Title

Castle City, Carcassonne, the Education of its Youth

Presenter Information

Susan Donahoe

Document Type

Oral Presentation

Location

SURC 301

Start Date

16-5-2013

End Date

16-5-2013

Abstract

Descriptive Study: How are children in France taught literacy skills? What kinds of schools are there? What curriculum? What processes are used in the elementary years? Does the presence of an enormous historical and cultural site within the city have an affect on the education of the elementary aged students? A small French town, Carcassonne, in the foothills of wine countryside is in many ways similar to Ellensburg. Most parents work; children go to school. Most children attend the regular state-supported schools for reading, writing, and so forth. There is one astounding difference: a huge, looming, double-walled stone fortress. This overpowering restored medieval castle dominates the town. Castles and other prominent architectural forms effect developing children. Last summer in Carcassonne, I visited three schools, saw children and materials, and talked with educators. Photographs document the visit and show processes of teaching the history of the edifice, its era, and the historical and cultural significance to people of the area. The walled city contains a school with educators and materials to teach significant facts to rotating groups of students of the region. I created a questionnaire for comparing and contrasting other nations' educational systems for an upcoming sabbatical study on international educational systems across nations that I can contact and visit. Idiosyncratic phenomenon emerged beyond it which are described and documented here. This presentation is a descriptive study of education in Carcassonne, France.

Faculty Mentor(s)

Susan Donahoe

Additional Mentoring Department

Education

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May 16th, 1:30 PM May 16th, 1:50 PM

Castle City, Carcassonne, the Education of its Youth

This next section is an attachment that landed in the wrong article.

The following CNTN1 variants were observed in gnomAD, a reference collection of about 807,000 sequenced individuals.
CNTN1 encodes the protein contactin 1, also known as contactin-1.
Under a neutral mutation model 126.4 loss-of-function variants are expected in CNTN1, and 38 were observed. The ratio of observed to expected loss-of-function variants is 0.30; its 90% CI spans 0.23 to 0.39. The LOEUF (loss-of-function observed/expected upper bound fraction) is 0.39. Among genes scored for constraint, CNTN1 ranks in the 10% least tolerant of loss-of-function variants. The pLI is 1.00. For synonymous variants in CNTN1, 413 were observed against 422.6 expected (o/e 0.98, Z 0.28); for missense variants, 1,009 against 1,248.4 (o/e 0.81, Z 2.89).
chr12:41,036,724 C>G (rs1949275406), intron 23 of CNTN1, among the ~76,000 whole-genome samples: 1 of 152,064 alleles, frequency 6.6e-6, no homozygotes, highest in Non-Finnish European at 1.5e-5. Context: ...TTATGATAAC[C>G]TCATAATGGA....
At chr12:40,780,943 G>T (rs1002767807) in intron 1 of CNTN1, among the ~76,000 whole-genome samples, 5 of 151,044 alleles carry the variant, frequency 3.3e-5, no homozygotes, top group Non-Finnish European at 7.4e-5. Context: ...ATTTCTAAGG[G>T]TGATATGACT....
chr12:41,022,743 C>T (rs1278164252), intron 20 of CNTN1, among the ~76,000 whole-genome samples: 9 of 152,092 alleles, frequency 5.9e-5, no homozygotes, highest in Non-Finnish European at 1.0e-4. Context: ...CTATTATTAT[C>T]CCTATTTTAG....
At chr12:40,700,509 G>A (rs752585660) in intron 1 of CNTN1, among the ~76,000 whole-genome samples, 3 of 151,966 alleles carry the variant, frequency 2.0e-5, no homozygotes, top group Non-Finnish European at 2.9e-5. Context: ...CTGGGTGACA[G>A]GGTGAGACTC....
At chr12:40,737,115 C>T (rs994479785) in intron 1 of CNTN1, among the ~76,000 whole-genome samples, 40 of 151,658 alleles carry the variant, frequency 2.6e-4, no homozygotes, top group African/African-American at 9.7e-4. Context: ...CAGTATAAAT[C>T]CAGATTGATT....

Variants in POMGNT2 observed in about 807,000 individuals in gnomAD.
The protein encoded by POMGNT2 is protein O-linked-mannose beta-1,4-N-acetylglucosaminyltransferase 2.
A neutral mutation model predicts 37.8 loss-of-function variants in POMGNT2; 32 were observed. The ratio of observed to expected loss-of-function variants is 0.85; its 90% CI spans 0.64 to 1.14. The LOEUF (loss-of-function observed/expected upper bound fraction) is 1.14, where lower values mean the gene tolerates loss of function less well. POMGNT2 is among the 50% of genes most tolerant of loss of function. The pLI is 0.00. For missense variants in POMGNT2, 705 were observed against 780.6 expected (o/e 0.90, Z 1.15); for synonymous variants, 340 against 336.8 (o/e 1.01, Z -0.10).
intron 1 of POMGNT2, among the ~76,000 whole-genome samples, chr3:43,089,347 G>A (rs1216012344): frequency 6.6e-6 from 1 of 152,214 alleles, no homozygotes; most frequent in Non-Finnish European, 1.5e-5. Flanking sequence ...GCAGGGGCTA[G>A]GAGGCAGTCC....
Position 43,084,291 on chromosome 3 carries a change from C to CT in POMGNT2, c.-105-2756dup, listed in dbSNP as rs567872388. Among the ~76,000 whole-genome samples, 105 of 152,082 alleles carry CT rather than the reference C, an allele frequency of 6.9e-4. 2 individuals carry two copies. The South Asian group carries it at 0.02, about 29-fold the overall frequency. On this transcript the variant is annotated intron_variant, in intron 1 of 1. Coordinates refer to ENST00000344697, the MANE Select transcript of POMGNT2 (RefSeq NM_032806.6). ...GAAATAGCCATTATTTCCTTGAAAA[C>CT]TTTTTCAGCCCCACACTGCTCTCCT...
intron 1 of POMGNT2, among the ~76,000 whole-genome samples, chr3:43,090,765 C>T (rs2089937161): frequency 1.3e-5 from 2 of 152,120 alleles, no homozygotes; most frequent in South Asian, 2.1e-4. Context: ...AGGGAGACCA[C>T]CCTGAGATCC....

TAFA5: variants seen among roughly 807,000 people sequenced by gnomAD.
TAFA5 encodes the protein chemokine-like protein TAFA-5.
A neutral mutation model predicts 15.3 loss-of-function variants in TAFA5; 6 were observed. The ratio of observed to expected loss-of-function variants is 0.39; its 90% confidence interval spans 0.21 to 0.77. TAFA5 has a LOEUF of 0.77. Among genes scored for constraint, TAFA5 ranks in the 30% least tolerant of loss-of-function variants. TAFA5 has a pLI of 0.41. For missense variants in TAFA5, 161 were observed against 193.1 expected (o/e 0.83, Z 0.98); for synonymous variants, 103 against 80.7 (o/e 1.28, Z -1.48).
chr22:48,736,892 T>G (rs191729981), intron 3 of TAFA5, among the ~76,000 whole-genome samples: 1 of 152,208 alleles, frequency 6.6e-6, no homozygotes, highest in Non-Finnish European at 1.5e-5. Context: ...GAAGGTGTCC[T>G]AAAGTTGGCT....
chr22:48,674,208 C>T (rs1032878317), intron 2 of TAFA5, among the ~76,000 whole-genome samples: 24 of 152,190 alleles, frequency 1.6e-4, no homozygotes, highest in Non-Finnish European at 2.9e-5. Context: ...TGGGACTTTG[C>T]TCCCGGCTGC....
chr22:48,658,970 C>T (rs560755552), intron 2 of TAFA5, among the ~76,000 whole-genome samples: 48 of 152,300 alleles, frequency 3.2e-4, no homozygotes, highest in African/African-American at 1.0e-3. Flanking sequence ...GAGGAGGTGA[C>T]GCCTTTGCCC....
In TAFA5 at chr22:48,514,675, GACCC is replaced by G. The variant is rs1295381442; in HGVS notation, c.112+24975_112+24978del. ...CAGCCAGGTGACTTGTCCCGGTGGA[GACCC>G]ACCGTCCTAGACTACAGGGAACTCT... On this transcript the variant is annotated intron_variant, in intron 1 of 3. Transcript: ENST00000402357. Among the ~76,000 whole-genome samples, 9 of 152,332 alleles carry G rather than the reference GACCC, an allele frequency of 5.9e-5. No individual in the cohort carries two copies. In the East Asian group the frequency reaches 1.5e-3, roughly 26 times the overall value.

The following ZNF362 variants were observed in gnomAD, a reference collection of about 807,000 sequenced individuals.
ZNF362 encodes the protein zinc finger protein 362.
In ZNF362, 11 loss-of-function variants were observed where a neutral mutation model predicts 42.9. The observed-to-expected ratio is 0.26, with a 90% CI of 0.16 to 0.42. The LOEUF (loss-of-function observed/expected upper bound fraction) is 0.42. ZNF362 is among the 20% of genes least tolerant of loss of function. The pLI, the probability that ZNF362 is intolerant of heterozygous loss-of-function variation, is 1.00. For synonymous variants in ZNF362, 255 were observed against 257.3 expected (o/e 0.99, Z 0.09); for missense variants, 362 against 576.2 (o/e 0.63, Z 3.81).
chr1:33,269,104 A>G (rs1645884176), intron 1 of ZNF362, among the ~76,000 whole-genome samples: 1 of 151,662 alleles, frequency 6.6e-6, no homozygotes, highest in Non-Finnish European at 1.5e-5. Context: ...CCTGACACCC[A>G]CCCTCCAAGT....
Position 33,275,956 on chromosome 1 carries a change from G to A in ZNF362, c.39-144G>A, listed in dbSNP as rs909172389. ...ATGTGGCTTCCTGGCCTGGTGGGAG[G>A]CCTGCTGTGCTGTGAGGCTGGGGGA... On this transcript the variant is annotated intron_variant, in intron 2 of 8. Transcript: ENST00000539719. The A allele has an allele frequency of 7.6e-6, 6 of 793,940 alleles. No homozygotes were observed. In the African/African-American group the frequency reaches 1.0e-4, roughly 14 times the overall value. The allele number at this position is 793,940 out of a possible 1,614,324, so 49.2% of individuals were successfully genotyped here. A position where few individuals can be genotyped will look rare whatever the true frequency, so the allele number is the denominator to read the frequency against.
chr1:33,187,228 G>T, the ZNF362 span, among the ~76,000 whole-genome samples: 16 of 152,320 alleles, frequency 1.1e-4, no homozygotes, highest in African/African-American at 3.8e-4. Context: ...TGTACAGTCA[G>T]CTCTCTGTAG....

SURC 301

Descriptive Study: How are children in France taught literacy skills? What kinds of schools are there? What curriculum? What processes are used in the elementary years? Does the presence of an enormous historical and cultural site within the city have an affect on the education of the elementary aged students? A small French town, Carcassonne, in the foothills of wine countryside is in many ways similar to Ellensburg. Most parents work; children go to school. Most children attend the regular state-supported schools for reading, writing, and so forth. There is one astounding difference: a huge, looming, double-walled stone fortress. This overpowering restored medieval castle dominates the town. Castles and other prominent architectural forms effect developing children. Last summer in Carcassonne, I visited three schools, saw children and materials, and talked with educators. Photographs document the visit and show processes of teaching the history of the edifice, its era, and the historical and cultural significance to people of the area. The walled city contains a school with educators and materials to teach significant facts to rotating groups of students of the region. I created a questionnaire for comparing and contrasting other nations' educational systems for an upcoming sabbatical study on international educational systems across nations that I can contact and visit. Idiosyncratic phenomenon emerged beyond it which are described and documented here. This presentation is a descriptive study of education in Carcassonne, France.